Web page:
30Case 3 PE: BP 78/60, HR 115 Temp 101.3 sats OK Gen : Confused, not oriented. Unable to get any history.HEENT: pupils were reactive to lightLungs: good air movement and clear to ausculatationCardiac : tachycardic no murmursAbd : distended, tender, mostly lower quadrantsSkin: dry, no hyperpigmentationRest of exam unremarkable.
31Who presents in adrenal crisis? Patients with undiagnosed chronic adrenal insufficiency who have a ‘stressful event’ such as an infection. Or recent event such as bilateral adrenal hemorrhagePatients with known primary adrenal insuffieciency who did not received adequate glucocorticoid replacement. Like this patient.There are instances where patients with secondary adrenal insufficiency present in crisis such and pituitary infarction.
32Presenting features of adrenal crisis ShockAbdominal tenderness, N/VPsychiatric manifestations: confusion, delirium, stuporFeverHyperpigmentation, vitiligo,Evidence of androgen deficiency in women with primary Adrenal insufficiencyHypoglycemia ( more common in secondary adrenal insufficiency)Electrolyte abnormalitiesPrimary low NA and high KSecondary may have low Na due to vasopressin excess but K is usually normal
33Evaluation of adrenal function in a patient with hypotension Evaluation of adrenal function (which test to use)Does the patient have primary or secondary adrenal insufficiency?Evaluation of etiology if diagnosis has been confirmedAre there other medical issues that need to be treatedLong term management of adrenal insufficiencyInterpretation of the test (does the test work as well in acutely ill patients?)
34Evaluation Before Evaluation, ensure patient is stable If a patient is in shock treat with steroid earlyUse Decadron since it does not interfere with the testingHydrocortisone interacts with cortisol assay and therefore should be avoided prior to testing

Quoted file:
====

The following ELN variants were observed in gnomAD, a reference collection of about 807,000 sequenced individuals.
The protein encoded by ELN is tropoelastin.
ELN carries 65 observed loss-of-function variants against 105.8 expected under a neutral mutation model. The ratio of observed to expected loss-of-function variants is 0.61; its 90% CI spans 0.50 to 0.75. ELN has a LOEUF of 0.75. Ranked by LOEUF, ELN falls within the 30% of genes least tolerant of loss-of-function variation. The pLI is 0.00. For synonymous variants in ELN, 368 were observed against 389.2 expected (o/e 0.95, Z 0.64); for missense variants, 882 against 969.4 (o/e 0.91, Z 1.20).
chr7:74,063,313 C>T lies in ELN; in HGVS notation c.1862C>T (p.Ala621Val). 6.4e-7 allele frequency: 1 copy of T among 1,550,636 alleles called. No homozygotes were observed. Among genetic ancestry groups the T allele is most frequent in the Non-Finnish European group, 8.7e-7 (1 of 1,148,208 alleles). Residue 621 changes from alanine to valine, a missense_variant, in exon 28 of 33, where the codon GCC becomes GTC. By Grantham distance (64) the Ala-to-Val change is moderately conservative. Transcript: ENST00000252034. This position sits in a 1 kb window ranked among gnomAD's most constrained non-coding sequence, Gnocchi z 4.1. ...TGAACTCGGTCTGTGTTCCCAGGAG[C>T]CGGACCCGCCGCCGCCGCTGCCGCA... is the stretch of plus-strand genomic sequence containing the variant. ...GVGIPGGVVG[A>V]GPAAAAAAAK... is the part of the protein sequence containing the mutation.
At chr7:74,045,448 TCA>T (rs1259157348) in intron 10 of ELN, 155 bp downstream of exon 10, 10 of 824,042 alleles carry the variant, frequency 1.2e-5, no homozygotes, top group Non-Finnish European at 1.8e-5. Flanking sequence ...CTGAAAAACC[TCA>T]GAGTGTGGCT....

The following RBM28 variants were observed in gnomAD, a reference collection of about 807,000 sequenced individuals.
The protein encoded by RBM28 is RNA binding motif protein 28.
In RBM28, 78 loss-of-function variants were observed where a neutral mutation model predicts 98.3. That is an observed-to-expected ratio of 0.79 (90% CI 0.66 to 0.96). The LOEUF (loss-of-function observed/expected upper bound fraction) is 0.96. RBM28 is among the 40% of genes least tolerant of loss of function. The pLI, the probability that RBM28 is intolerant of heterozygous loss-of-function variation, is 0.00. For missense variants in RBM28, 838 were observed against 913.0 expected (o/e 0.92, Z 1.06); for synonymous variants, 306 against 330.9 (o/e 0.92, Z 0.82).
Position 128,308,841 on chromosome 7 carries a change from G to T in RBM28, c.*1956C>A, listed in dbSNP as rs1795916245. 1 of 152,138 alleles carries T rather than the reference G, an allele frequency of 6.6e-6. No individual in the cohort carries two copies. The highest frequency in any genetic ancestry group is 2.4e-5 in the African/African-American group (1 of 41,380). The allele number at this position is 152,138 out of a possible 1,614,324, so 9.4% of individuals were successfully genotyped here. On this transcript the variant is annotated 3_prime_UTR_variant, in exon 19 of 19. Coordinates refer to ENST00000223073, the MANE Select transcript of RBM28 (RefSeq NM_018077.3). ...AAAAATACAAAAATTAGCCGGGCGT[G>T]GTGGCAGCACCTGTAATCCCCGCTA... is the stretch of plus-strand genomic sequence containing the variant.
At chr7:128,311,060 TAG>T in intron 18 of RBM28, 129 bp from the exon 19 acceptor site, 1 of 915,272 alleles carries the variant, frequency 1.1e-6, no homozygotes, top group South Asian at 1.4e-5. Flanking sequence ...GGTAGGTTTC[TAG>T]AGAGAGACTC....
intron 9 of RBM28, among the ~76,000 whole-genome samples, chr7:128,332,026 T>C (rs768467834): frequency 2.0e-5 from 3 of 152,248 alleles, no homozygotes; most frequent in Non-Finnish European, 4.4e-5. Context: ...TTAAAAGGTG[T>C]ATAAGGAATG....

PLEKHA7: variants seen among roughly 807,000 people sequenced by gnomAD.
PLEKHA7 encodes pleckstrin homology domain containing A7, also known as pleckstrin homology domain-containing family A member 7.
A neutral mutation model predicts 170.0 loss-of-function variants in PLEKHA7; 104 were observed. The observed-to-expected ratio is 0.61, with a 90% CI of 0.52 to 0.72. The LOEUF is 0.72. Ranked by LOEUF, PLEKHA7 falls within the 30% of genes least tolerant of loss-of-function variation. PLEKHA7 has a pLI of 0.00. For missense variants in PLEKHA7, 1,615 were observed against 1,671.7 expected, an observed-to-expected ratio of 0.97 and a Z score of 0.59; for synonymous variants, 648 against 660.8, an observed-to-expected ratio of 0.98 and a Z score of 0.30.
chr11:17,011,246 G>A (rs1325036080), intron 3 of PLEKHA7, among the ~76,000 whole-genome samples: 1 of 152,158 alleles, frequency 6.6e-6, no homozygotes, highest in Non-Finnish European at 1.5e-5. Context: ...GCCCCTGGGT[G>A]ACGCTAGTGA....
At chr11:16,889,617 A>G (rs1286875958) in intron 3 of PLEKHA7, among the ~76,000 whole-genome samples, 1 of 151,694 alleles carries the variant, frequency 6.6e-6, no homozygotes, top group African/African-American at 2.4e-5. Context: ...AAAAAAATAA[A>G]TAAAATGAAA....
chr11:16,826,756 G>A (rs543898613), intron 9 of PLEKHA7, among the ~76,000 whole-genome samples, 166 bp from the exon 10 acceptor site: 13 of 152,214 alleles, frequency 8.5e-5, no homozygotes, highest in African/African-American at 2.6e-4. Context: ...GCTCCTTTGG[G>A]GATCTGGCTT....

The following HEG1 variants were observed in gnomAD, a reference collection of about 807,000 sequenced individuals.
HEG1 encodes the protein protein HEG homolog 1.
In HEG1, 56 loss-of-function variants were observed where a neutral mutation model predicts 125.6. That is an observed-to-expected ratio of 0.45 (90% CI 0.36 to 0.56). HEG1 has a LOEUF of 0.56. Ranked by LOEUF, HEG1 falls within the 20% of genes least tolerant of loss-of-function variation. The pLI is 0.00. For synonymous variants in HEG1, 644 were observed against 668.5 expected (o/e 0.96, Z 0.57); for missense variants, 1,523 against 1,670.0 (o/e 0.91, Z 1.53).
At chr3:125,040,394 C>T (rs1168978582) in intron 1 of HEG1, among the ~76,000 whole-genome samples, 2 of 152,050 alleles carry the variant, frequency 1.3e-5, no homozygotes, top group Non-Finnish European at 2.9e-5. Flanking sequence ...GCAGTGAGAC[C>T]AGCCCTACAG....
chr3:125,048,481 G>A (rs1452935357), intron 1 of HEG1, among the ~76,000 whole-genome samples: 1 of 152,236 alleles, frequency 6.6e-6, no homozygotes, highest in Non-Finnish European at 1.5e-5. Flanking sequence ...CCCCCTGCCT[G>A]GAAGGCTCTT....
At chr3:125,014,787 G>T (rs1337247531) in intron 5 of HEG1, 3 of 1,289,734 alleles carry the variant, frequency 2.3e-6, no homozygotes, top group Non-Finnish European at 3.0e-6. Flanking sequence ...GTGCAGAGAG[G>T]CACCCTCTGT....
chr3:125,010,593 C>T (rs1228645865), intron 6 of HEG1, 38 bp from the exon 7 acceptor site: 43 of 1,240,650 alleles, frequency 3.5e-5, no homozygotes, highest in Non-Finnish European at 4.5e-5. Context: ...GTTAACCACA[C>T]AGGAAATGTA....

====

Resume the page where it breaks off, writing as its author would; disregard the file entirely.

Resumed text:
35Evaluation: ACTH Stim Test( Make sure this is done right!!) Draw baseline ACTH and cortisol. Note the ACTH should be in a EDTA tube and kept on ice!Then give Cosyntropin 250 mcg IV over 1 minDraw cortisol 30 min and 60 min laterInterpretation: cortisol level of at least at either min indicates normal studyNote if the patient has been given ANY steroid this will affect ACTH levels
36Assess level of defect/Etiology The ACTH level ( if done before any steroids are given) can help separate primary from secondary adrenal insufficiency.In adrenal crises, treat first if testing non – diagnostic or equivocal. Can figure out level of defect once patient is stableLook for clues :History of head trauma/radiationpost partum : severe headache, hypotension: think sheehansOn anicoagulation: ? Bilateral adrenal hemorrageInfections: such as HIV may have primary adrenal insufficiencyEvidence of other pituitary hormone deficiency can be done when patient is stable.In our patient: insufficient steroid when ill
37Management1)Treat with IV glucocorticoid Decadrone 2-4 mg IV before the study, Hydrocortisone after the study 100 mg IV q8hrs2) Continue with IVF3) Look for etiology and treat as needed
38Case 3Rapid improvement in mental status and cardiovascular complaints after steroids were given.He was diagnosed with toxic megacolon due to clostriduim difficile.Was advised on increasing steroid doses when ill2-3 times normal daily dose. Decaron emergency Kit if he has N/V. ER if unable to control any other way.
39Special considerations in acutely ill patients (patients in septic shock) A systemic review (Annane et al JAMA 2009, 301 (22) ) demonstrated that glucocorticoids do not affect 28 day mortality in patient with sepsis (including those in shock)A sub group analysis showed that low dose, longer duration of glucocorticoids may have mortality benefit
40Special considerations in acutely ill patients The ACTH stimulation test may not reflect adrenal function in acutely ill patients since hypoproteinemia can affect total cortisol levels.Current recommendations suggest that low dose glucocortcoids may be considered in patients with hypotension, on fluids and vasopressors who do not respond to these measures